Gary North’s Reality Check
The Federal Open Market Committee meets every six weeks. It sets Federal Reserve policy. It issues a press release after each meeting.
Let us survey the FOMC’s press releases, beginning with December 12, 2012, when the new bond-buying policy was announced.
To support a stronger economic recovery and to help ensure that inflation, over time, is at the rate most consistent with its dual mandate, the Committee will continue purchasing additional agency mortgage-backed securities at a pace of $40 billion per month. The Committee also will purchase longer-term Treasury securities after its program to extend the average maturity of its holdings of Treasury securities is completed at the end of the year, initially at a pace of $45 billion per month. The Committee is maintaining its existing policy of reinvesting principal payments from its holdings of agency debt and agency mortgage-backed securities in agency mortgage-backed securities and, in January, will resume rolling over maturing Treasury securities at auction. Taken together, these actions should maintain downward pressure on longer-term interest rates, support mortgage markets, and help to make broader financial conditions more accommodative.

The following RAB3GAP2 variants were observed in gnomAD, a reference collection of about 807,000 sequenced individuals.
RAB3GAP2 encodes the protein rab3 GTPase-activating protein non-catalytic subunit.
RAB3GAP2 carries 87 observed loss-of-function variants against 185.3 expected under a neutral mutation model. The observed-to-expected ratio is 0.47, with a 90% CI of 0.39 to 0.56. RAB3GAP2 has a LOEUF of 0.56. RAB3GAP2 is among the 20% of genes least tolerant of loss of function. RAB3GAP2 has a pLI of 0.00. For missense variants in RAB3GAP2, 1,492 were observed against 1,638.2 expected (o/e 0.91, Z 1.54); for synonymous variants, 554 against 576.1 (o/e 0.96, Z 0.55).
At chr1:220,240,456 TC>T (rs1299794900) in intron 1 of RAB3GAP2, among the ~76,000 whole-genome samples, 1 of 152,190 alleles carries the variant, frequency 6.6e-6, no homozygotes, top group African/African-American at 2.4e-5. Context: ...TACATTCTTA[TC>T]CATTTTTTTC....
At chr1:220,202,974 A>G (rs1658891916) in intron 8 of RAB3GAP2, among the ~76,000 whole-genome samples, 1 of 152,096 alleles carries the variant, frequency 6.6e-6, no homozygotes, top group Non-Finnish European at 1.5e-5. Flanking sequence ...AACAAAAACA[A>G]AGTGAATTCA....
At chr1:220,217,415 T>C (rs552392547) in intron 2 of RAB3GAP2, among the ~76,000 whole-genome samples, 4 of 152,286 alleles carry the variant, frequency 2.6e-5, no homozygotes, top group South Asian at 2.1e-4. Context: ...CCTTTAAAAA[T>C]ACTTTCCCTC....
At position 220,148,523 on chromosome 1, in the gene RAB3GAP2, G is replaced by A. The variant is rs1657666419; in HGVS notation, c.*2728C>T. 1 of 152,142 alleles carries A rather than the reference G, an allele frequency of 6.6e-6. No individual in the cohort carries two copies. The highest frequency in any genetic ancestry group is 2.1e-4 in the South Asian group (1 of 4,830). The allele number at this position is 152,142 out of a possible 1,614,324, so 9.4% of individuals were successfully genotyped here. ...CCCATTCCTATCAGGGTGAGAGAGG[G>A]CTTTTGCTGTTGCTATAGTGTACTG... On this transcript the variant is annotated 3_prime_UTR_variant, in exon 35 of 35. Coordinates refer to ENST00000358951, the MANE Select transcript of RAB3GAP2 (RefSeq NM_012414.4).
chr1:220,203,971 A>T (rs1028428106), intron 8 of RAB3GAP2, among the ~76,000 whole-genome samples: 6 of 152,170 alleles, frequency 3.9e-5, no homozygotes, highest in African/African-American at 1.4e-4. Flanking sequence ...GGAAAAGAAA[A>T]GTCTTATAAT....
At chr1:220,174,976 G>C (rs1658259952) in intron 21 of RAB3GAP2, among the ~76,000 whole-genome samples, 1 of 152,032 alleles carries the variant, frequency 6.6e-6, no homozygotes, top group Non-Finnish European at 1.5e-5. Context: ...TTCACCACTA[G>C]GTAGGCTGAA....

This policy has been dubbed QE3 by the media.
The press releases have all had these three statistical targets: 0% to 0.25% federal funds rate, 6.5% unemployment, 2.5% price inflation.
The federal funds rate is the overnight rate that banks charge to borrow from each other. It has not been as high as 0.25 since the beginning of 2009, no matter what policy the FOMC has adopted.
Here is the rate of unemployment in 2012 and 2013.
To measure price inflation, I adopt the chart published monthly by the Federal Reserve Bank of Cleveland. It offers various CPI indicators. When you read the press release, use the CPI year-over-year indicator for the most recent month. This is what Federal Reserve staff economists have to work with.
(For the rest of my article, click the link.)